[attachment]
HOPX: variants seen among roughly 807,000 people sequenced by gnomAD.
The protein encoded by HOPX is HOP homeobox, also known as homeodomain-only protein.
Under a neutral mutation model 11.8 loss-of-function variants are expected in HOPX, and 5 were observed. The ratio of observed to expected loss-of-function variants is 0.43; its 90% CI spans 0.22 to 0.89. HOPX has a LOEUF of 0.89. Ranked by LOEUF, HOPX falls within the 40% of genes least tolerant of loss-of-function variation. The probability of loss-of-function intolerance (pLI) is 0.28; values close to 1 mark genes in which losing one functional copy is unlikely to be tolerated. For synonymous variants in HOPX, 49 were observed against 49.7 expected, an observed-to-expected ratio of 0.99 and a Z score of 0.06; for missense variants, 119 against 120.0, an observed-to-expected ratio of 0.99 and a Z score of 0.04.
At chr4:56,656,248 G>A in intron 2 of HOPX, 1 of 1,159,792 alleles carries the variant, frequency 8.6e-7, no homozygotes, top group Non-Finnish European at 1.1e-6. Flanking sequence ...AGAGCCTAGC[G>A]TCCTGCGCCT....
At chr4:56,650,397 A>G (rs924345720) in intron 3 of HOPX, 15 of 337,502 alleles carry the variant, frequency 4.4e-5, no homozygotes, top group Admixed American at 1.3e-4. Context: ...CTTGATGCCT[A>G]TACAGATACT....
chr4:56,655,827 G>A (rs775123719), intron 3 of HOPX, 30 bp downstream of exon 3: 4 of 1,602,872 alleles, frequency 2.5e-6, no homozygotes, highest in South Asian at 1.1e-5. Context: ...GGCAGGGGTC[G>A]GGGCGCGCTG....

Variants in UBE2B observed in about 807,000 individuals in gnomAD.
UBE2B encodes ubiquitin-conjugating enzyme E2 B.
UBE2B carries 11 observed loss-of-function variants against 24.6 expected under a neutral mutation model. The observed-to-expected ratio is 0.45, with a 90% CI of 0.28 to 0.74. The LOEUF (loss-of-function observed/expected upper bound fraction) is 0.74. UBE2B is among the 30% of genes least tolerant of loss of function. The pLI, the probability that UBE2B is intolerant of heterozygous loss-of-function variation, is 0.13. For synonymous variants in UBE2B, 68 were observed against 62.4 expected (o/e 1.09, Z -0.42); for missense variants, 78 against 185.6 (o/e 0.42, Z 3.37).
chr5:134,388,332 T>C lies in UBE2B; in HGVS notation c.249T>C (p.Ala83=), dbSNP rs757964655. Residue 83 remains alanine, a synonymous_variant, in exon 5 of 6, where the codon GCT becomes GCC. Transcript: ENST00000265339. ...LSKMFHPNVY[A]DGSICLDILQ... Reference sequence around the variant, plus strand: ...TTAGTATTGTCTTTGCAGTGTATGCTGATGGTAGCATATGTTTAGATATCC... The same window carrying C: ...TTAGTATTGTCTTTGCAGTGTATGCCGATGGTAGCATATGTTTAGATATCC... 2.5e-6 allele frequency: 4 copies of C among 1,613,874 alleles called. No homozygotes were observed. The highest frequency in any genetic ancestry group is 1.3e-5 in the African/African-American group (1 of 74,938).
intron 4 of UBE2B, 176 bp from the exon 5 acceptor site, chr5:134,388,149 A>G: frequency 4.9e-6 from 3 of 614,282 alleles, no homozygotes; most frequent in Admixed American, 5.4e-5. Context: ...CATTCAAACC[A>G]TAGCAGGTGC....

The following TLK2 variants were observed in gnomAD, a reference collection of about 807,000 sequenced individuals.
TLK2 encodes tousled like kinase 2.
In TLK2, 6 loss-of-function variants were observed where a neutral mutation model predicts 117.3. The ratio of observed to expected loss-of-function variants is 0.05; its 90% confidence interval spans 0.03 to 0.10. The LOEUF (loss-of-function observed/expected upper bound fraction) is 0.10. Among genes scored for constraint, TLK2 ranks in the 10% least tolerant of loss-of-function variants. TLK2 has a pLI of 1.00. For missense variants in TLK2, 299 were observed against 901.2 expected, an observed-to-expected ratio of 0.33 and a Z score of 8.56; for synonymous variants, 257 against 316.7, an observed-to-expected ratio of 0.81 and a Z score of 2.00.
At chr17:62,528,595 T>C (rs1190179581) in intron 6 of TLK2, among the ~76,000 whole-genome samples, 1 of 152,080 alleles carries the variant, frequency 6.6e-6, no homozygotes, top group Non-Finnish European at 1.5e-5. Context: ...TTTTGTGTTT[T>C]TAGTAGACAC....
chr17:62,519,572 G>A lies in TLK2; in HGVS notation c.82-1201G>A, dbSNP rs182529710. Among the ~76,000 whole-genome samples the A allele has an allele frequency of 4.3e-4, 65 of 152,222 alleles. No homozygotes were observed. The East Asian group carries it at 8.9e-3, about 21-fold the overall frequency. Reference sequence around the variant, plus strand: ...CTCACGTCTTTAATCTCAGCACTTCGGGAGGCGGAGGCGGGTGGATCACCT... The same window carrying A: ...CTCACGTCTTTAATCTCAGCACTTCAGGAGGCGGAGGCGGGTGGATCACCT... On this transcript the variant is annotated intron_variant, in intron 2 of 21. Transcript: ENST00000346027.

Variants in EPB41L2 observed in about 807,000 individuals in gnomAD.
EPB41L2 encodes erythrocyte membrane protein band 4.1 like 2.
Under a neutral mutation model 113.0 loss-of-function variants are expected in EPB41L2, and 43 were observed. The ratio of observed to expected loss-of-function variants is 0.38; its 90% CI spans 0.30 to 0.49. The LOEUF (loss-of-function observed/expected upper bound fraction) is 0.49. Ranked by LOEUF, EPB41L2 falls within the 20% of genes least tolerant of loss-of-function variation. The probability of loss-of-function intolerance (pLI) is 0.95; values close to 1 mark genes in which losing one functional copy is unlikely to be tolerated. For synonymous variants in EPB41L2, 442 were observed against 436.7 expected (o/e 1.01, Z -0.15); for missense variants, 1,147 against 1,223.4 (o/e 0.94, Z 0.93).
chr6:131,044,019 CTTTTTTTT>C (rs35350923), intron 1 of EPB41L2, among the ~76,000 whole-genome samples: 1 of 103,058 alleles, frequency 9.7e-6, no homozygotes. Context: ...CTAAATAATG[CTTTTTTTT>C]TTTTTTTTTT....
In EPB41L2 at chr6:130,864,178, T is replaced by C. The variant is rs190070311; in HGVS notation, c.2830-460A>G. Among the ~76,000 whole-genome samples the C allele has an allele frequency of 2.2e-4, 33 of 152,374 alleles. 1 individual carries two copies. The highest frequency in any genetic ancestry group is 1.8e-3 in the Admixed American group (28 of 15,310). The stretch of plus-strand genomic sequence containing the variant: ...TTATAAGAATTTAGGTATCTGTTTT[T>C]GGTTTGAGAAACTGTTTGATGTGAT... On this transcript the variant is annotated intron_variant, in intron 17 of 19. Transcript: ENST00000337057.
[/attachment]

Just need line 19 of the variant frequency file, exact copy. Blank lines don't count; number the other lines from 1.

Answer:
Under a neutral mutation model 113.0 loss-of-function variants are expected in EPB41L2, and 43 were observed. The ratio of observed to expected loss-of-function variants is 0.38; its 90% CI spans 0.30 to 0.49. The LOEUF (loss-of-function observed/expected upper bound fraction) is 0.49. Ranked by LOEUF, EPB41L2 falls within the 20% of genes least tolerant of loss-of-function variation. The probability of loss-of-function intolerance (pLI) is 0.95; values close to 1 mark genes in which losing one functional copy is unlikely to be tolerated. For synonymous variants in EPB41L2, 442 were observed against 436.7 expected (o/e 1.01, Z -0.15); for missense variants, 1,147 against 1,223.4 (o/e 0.94, Z 0.93).